Wednesday, January 17, 2007

Book Recommendation

I'm reading a really good book right now - The Knitting Circle by Ann Hood - it's about a woman trying to recover from the death of her daughter who joins a knitting group. She learns that no one is without pain in their lives no matter what it looks like from the outside. For me, this book is very appropriate - this month marks 3 years since my mom died from heart bypass surgery. And that is also when knitting became a huge part of my life - I remember seeing a couple of women in the surgical waiting room knitting scarves - I thought - hmmm I used to do that and never gave it much thought. After the funeral, I had an overwhelming desire to knit so I went to my LYS and spent a fortune on a Noro Silk Garden blanket. Whenever I was feeling really bad, which was mostly all the time, I was knitting that blanket. And after I finished that blanket I knit the most complicated Rowan fair isle cardigan ever. It was beautiful! I gave it to a friend for her birthday. After my mom died, there were days I didn't get dressed, there were days I didn't get out of bed but I always, always knit every single day and have for most of the last 3 years. I've learned that the rhythm of the needles really can heal a broken heart.

9 comments:

Sandra said...

I've got that book on reserve at the library - good to hear a positive review. I'll look forward to reading it.

Catherine said...

Wow, what a great way to remember and honour your mother. Last year was the first time I picked up my needles since my grandmother taught me as a child. I think of her each time I knit.

Terry said...

I was touched by your entry. After both my parents died of cancer three weeks apart I was very lost. It was then I started knitting again too. Then just last September my little sister died of breast cancer. Again the knitting saved my sanity. You're right. The rythym of the needles is very soothing. My prayers are with you for your loss. It doesn't matter how long ago it was. Sometimes it seems like yesterday doesn't it?

Connie said...

It does seem like yesterday lots of times but when I really think it's been 3 years I think - where have I been? I'm so sorry for your losses - take care!

Iraj Seyf said...

Sorry to read that you are still so sad about your mother. But for a second, consider, like life, death is " true", i.e. life would become meaningless if none of us died. For a second, just imagine what would happen if nobody dies in the next 500 years!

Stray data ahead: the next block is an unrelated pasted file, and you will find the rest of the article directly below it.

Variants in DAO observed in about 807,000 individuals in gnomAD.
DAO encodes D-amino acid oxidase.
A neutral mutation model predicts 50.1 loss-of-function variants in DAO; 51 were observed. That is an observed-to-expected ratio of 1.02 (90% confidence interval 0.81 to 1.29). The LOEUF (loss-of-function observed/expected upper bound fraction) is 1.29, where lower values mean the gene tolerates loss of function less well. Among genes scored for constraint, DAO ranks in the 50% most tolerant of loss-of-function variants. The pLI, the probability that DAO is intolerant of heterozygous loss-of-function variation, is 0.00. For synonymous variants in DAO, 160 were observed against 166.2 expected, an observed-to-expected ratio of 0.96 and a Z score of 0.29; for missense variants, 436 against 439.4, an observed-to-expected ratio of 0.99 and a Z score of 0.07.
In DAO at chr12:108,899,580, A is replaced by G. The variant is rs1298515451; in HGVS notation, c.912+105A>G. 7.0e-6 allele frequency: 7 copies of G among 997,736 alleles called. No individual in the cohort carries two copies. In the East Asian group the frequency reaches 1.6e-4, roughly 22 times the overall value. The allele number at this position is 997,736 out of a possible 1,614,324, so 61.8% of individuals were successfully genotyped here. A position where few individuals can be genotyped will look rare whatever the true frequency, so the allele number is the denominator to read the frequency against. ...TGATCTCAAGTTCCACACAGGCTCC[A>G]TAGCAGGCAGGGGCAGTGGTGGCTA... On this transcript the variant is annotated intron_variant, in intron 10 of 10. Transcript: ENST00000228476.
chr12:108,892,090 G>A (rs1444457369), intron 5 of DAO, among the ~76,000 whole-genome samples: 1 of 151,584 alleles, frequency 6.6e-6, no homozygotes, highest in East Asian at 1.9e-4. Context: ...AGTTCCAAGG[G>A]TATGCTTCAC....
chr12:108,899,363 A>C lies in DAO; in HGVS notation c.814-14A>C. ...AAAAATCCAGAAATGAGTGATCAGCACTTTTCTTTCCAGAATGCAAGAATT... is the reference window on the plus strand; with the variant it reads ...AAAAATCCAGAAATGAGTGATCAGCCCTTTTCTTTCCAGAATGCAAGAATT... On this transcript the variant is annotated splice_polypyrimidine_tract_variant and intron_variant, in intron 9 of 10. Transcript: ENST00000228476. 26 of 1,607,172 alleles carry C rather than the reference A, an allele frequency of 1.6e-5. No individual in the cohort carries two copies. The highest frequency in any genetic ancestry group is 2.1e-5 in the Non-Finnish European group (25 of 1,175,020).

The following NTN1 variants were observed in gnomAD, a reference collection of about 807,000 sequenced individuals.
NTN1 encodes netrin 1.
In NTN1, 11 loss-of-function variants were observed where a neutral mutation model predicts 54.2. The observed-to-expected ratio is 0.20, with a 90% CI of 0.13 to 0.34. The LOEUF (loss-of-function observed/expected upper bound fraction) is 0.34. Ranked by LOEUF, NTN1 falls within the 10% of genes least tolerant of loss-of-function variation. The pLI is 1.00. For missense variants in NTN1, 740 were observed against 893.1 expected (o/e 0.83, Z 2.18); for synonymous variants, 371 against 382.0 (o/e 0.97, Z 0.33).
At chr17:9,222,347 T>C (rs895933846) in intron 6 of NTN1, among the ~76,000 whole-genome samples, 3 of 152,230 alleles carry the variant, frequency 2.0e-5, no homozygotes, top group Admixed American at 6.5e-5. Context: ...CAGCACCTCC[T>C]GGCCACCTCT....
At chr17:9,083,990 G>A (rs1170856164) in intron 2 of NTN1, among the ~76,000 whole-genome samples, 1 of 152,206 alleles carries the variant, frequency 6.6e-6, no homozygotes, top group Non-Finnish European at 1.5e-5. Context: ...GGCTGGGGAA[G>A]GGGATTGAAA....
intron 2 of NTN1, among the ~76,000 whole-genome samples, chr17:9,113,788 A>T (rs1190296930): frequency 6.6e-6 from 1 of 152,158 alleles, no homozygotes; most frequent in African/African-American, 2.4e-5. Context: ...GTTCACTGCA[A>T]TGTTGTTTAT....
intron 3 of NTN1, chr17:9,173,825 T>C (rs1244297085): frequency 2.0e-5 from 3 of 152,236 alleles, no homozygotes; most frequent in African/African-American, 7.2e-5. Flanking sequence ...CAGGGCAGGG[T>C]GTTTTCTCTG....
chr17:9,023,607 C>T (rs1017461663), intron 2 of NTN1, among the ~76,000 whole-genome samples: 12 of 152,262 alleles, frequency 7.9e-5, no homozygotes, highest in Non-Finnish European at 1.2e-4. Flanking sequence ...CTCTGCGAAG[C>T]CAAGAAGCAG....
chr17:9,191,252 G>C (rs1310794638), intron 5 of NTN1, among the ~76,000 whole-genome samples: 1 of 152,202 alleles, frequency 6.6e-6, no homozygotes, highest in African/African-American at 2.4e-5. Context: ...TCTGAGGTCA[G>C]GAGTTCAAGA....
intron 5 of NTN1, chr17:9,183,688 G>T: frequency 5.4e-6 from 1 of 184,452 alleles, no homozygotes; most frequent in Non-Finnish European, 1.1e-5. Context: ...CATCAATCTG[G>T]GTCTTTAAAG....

Meghan said...

What a great entry, Connie!

Thinking of you...

Anonymous said...

Connie - your mum would be so proud of you. Look at all you have accomplished, knitting was meant to lead you on this path. I lost my younger brother James when he was 21 in a motorcycle accident. Hw would have been 45 on the 21st of this month, not a day goes bye when I don't miss him, then I think how fortunate I was to have had him in my life.
God Bless.

Anonymous said...

I love your blog. Your socks looks amazing and I would love to have a pair on my feet. Quilting provided similar comfort for me after I miscarried a baby. That was almost 4 years ago and I'm still quilting. I've tried knitting but I just can't seem to to do it. I won't give up. Your blog has inspired me to try again.

Anonymous said...

Knitting can help in so many ways. I started knitting again in college when my grandmother died of a heart attack. She had thought me to knit when I was six, and strating to knit again made me feel closer to her after her death.
She was a very generous woman and gave a lot to local charities. Two years ago, I was going through a nasty merger at work, and knitting helped relieve some of the stress. I then decided to put my stress to good use and knit for charities. I know my grandmother agreed with that idea.
Have a look at my new socks on my blog ;)